Short Communication

Elephant population growth in Kruger National Park, South Africa, under a landscape management approach

Sam M. Ferreira, Cathy Greaver, Chenay Simms
Koedoe | Vol 59, No 1 | a1427 | DOI: | © 2017 Sam M. Ferreira, Cathy Greaver, Chenay Simms | This work is licensed under CC Attribution 4.0
Submitted: 27 July 2016 | Published: 25 August 2017

About the author(s)

Sam M. Ferreira, Scientific Services, South African National Parks, Skukuza, South Africa
Cathy Greaver, Scientific Services, South African National Parks, Skukuza, South Africa
Chenay Simms, Scientific Services, South African National Parks, Skukuza, South Africa

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South African National Parks (SANParks) manage landscapes rather than numbers of elephants (Loxodonta africana) to mitigate the effects that elephants may have on biodiversity, tourism and stakeholder conservation values associated with protected areas. This management philosophy imposes spatial variability of critical resources on elephants. Restoration of such ecological processes through less intensive management predicts a reduction in population growth rates from the eras of intensive management. We collated aerial survey data since 1995 and conducted an aerial total count using a helicopter observation platform during 2015. A minimum of 17 086 elephants were resident in the Kruger National Park (KNP) in 2015, growing at 4.2% per annum over the last generation of elephants (i.e. 12 years), compared to 6.5% annual population growth noted during the intensive management era ending in 1994. This may come from responses of elephants to density and environmental factors manifested through reduced birth rates and increased mortality rates. Authorities should continue to evaluate the demographic responses of elephants to landscape scale interventions directed at restoring the limitation of spatial variance in resource distribution on elephant spatiotemporal dynamics and the consequences that may have for other conservation values.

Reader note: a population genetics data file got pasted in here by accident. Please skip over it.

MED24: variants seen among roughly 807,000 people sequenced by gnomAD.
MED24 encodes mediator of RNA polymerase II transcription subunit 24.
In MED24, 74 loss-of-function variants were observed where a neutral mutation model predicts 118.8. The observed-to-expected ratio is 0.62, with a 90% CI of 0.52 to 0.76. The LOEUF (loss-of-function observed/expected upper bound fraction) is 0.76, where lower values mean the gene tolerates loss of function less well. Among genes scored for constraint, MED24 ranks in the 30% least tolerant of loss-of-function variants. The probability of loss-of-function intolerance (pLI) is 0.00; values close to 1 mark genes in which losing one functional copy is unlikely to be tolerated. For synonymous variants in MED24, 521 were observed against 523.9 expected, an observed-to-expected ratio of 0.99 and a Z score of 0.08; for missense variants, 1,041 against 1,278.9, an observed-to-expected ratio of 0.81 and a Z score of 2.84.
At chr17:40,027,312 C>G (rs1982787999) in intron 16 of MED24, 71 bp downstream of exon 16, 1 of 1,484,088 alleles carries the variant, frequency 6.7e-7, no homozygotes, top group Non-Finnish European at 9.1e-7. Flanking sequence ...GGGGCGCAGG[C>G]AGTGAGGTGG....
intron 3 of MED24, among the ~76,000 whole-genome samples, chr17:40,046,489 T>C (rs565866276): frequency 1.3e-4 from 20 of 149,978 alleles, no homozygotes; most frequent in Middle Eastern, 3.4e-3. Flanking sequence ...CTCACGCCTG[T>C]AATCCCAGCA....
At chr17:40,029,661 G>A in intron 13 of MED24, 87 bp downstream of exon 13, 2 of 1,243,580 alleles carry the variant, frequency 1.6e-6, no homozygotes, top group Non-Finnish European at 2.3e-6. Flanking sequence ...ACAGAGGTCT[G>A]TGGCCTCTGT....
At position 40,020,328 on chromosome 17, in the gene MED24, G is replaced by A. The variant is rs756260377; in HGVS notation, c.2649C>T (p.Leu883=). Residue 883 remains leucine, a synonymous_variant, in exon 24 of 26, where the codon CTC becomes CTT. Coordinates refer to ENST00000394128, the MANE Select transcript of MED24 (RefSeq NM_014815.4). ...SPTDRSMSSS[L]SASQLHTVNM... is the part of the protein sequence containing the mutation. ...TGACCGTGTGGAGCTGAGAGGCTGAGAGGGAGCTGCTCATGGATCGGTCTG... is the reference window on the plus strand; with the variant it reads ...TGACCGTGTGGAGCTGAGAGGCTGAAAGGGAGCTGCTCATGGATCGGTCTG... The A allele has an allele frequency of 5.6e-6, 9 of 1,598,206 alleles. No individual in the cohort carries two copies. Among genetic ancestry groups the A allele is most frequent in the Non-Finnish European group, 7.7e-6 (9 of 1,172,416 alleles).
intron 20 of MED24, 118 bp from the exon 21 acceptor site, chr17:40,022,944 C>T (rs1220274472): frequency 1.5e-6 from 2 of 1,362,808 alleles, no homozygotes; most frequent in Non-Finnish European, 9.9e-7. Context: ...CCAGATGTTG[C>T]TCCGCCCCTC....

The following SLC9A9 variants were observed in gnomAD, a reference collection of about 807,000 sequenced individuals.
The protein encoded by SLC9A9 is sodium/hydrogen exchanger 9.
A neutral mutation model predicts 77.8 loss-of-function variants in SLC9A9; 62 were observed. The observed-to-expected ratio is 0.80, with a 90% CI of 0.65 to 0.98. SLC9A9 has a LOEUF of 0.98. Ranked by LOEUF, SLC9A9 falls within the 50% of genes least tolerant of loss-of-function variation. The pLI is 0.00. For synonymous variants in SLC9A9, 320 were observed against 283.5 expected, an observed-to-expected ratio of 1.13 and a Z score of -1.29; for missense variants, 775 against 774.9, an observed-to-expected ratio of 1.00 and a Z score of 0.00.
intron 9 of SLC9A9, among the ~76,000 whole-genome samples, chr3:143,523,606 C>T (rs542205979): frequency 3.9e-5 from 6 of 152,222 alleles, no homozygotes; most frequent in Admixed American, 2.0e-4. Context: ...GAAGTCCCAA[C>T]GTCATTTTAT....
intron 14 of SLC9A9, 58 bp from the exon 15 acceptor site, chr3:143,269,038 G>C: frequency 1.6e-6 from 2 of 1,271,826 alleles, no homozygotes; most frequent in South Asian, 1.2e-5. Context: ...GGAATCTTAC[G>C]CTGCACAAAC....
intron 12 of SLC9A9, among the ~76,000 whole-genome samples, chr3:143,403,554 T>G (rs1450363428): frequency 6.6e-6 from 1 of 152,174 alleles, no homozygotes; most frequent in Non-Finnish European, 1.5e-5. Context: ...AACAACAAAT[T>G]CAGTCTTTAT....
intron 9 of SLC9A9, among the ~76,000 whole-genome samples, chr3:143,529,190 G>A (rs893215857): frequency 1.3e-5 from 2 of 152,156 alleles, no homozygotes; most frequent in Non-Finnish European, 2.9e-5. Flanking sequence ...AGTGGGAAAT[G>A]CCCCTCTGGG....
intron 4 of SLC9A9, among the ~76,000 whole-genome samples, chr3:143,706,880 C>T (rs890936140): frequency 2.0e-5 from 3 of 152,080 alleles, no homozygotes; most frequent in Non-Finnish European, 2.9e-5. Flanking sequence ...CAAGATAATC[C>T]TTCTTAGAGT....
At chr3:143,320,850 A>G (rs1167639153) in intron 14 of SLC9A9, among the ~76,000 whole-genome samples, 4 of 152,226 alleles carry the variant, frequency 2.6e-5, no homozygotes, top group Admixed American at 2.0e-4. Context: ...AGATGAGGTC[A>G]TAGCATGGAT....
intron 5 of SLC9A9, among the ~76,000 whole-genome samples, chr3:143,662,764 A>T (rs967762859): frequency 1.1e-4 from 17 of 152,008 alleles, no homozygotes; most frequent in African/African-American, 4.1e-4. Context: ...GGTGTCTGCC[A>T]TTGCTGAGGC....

Conservation implications: Conservation managers should continue with surveying elephants in a way that allows the extraction of key variables. Such variables should focus on measures that reflect on how theory predicts elephants should respond to management interventions.


African savanna elephants; population estimates; trends; vital rates; helicopter-based surveys


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